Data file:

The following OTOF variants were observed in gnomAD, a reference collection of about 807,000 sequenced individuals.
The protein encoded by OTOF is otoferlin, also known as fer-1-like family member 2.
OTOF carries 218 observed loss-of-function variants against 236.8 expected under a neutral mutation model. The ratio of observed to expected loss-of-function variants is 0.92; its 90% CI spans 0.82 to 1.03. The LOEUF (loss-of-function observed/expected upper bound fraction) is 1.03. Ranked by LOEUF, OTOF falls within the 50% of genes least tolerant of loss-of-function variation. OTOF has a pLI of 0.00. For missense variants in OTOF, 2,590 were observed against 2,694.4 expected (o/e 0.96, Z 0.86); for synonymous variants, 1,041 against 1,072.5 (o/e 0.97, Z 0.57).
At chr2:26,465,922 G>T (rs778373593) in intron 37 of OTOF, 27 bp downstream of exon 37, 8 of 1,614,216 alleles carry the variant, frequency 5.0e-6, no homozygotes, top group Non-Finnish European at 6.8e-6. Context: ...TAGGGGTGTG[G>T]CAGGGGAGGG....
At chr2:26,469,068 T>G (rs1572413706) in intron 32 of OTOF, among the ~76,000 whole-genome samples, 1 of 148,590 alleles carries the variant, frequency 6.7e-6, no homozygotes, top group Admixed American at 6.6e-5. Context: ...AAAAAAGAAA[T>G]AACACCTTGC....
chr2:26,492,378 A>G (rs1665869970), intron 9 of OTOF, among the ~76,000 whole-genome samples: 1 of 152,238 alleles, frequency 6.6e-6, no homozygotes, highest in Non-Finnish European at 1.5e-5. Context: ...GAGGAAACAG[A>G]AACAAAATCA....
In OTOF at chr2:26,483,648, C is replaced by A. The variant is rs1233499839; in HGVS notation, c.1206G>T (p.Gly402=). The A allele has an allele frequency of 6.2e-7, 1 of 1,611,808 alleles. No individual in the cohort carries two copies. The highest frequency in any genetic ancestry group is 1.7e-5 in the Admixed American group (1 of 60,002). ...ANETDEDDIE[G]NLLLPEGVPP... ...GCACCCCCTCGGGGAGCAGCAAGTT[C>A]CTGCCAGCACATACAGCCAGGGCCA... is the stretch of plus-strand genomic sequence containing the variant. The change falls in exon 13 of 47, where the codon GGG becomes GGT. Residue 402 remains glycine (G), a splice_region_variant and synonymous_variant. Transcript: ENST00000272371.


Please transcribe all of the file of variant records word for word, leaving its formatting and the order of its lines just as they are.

The following OTOF variants were observed in gnomAD, a reference collection of about 807,000 sequenced individuals.
The protein encoded by OTOF is otoferlin, also known as fer-1-like family member 2.
OTOF carries 218 observed loss-of-function variants against 236.8 expected under a neutral mutation model. The ratio of observed to expected loss-of-function variants is 0.92; its 90% CI spans 0.82 to 1.03. The LOEUF (loss-of-function observed/expected upper bound fraction) is 1.03. Ranked by LOEUF, OTOF falls within the 50% of genes least tolerant of loss-of-function variation. OTOF has a pLI of 0.00. For missense variants in OTOF, 2,590 were observed against 2,694.4 expected (o/e 0.96, Z 0.86); for synonymous variants, 1,041 against 1,072.5 (o/e 0.97, Z 0.57).
At chr2:26,465,922 G>T (rs778373593) in intron 37 of OTOF, 27 bp downstream of exon 37, 8 of 1,614,216 alleles carry the variant, frequency 5.0e-6, no homozygotes, top group Non-Finnish European at 6.8e-6. Context: ...TAGGGGTGTG[G>T]CAGGGGAGGG....
At chr2:26,469,068 T>G (rs1572413706) in intron 32 of OTOF, among the ~76,000 whole-genome samples, 1 of 148,590 alleles carries the variant, frequency 6.7e-6, no homozygotes, top group Admixed American at 6.6e-5. Context: ...AAAAAAGAAA[T>G]AACACCTTGC....
chr2:26,492,378 A>G (rs1665869970), intron 9 of OTOF, among the ~76,000 whole-genome samples: 1 of 152,238 alleles, frequency 6.6e-6, no homozygotes, highest in Non-Finnish European at 1.5e-5. Context: ...GAGGAAACAG[A>G]AACAAAATCA....
In OTOF at chr2:26,483,648, C is replaced by A. The variant is rs1233499839; in HGVS notation, c.1206G>T (p.Gly402=). The A allele has an allele frequency of 6.2e-7, 1 of 1,611,808 alleles. No individual in the cohort carries two copies. The highest frequency in any genetic ancestry group is 1.7e-5 in the Admixed American group (1 of 60,002). ...ANETDEDDIE[G]NLLLPEGVPP... ...GCACCCCCTCGGGGAGCAGCAAGTT[C>A]CTGCCAGCACATACAGCCAGGGCCA... is the stretch of plus-strand genomic sequence containing the variant. The change falls in exon 13 of 47, where the codon GGG becomes GGT. Residue 402 remains glycine (G), a splice_region_variant and synonymous_variant. Transcript: ENST00000272371.